Update: On Wednesday, Dec. 2, a shooting at the Inland Regional Center in San Bernardino, California, left 14 people dead and 21 wounded. Hours after the attack, police pursued information that led to a chase of a dark SUV, which was later determined to be a rental car. A shootout between police and the suspects left both suspects dead. The suspects were identified as Syed Farook and Tashfeen Malik, who were husband and wife.
According to federal law enforcement authorities, the four guns used in the shooting were purchased legally. The suspects were found to have 1,600 rounds of ammunition with them, and at a home the suspects were renting in Redlands, California, law enforcement officers found 4,500 rounds of ammunition and 12 pipe bombs. No official motive has been confirmed, though a source told the Los Angeles Times that investigators are considering a combined motive of "terrorism and workplace."
Earlier: On Wednesday afternoon, authorities responded to an active shooter situation in San Bernardino, California at The Inland Center. At least 20 people were wounded, according to several sources, and Al Jazeera reported that 12 people were killed. In an interview with Norah O'Donnell of CBS News, President Obama addressed the nation live Wednesday evening in regards to the attack, the 355th mass shooting this year, according to The Washington Post.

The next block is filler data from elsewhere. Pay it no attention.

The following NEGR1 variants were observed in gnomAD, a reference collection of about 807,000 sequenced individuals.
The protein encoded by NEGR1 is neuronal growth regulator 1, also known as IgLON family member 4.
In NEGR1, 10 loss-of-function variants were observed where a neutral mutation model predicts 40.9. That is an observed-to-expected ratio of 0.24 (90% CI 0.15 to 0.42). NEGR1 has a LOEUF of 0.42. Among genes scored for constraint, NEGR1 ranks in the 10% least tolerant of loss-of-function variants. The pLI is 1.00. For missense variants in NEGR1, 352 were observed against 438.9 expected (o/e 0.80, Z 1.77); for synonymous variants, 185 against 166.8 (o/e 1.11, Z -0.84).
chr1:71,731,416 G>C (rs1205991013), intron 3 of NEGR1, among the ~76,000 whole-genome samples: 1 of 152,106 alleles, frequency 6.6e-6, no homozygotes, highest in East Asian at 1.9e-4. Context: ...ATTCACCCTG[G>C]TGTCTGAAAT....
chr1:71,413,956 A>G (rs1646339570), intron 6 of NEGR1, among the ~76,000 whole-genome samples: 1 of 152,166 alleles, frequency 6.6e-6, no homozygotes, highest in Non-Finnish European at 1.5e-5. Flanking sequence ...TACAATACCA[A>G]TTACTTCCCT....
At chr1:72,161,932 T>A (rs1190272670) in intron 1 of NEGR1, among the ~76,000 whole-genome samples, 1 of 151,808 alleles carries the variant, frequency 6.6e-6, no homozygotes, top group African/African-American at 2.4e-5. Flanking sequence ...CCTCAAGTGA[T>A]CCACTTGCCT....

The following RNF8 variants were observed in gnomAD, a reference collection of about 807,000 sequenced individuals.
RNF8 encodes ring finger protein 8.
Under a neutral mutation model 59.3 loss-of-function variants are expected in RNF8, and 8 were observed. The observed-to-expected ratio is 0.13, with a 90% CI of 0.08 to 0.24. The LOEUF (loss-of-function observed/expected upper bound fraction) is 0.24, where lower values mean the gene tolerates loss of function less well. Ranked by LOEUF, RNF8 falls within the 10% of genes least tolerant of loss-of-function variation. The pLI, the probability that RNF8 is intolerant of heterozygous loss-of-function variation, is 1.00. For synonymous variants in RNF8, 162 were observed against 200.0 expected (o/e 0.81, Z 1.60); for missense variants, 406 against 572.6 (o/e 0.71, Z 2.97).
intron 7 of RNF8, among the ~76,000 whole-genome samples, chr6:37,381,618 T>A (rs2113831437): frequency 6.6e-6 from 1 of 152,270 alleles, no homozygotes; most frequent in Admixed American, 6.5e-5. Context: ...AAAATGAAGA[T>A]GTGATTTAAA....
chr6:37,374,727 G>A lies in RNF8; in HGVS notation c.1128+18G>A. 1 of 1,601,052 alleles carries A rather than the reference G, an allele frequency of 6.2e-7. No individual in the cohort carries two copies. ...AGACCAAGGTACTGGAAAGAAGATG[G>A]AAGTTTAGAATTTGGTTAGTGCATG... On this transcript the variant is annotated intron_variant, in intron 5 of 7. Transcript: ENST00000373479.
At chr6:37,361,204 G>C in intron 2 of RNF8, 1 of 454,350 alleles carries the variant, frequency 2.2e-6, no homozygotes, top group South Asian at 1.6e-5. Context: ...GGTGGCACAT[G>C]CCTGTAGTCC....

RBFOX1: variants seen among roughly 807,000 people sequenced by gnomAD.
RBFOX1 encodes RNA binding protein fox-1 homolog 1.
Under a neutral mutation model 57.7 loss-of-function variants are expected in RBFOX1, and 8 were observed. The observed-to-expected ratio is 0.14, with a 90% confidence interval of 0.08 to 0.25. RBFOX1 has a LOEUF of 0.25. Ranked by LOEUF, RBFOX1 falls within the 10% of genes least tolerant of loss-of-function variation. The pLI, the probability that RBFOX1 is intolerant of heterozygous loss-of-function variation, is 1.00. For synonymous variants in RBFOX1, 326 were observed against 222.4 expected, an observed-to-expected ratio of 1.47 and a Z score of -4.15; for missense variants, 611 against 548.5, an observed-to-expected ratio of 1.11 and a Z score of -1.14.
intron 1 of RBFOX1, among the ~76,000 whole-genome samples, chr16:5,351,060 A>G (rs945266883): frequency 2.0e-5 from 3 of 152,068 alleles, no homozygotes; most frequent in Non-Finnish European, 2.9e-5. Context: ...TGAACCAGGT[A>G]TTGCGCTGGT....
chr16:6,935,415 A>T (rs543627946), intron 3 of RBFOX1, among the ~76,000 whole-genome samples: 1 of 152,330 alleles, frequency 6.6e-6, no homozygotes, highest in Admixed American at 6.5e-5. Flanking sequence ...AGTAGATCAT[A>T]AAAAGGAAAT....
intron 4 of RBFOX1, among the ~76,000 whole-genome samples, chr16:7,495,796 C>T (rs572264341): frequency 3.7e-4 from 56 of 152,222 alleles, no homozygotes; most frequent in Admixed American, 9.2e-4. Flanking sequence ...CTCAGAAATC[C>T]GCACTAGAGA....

In his speech, Obama made reference to the need for stronger gun safety laws as well as background checks. He referenced the TSA's No Fly list; as laws in America currently stand, individuals on that list could theoretically still go into a store and buy a gun. Obama also called for cooperation across all political parties to join together in attempts to prevent mass shootings such as the one in San Bernardino from becoming a regular occurrence. Several other politicians have commented on the attack, with some echoing Obama's push for stricter gun control laws.
Here is the full text of Obama's speech:
We have a pattern now of mass shootings in this country that has no parallel anywhere else in the world. There are some steps we could take, not to eliminate every one of these mass shootings, but to improve the odds that they don't happen as frequently. Common sense, gun safety laws, stronger background checks.
For those who are concerned about terrorism, some may be aware of the fact that we have a no fly list where people can't get on planes. But those same people who we don't allow to fly could go into a store right now in the United States and buy a firearm and there's nothing that we can do to stop them. That's a law that needs to be changed.
So my hope is that we're able to contain this particular shooting. We don't yet know what the motives of the shooters are, but what we do know is that there are steps we can take to make Americans safer. And that we should come together, in a bipartisan basis at every level of government, to make these rare as opposed to normal. We should never think that this is something that just happens in the ordinary course of events. Because it doesn't happen with the same frequency in other countries.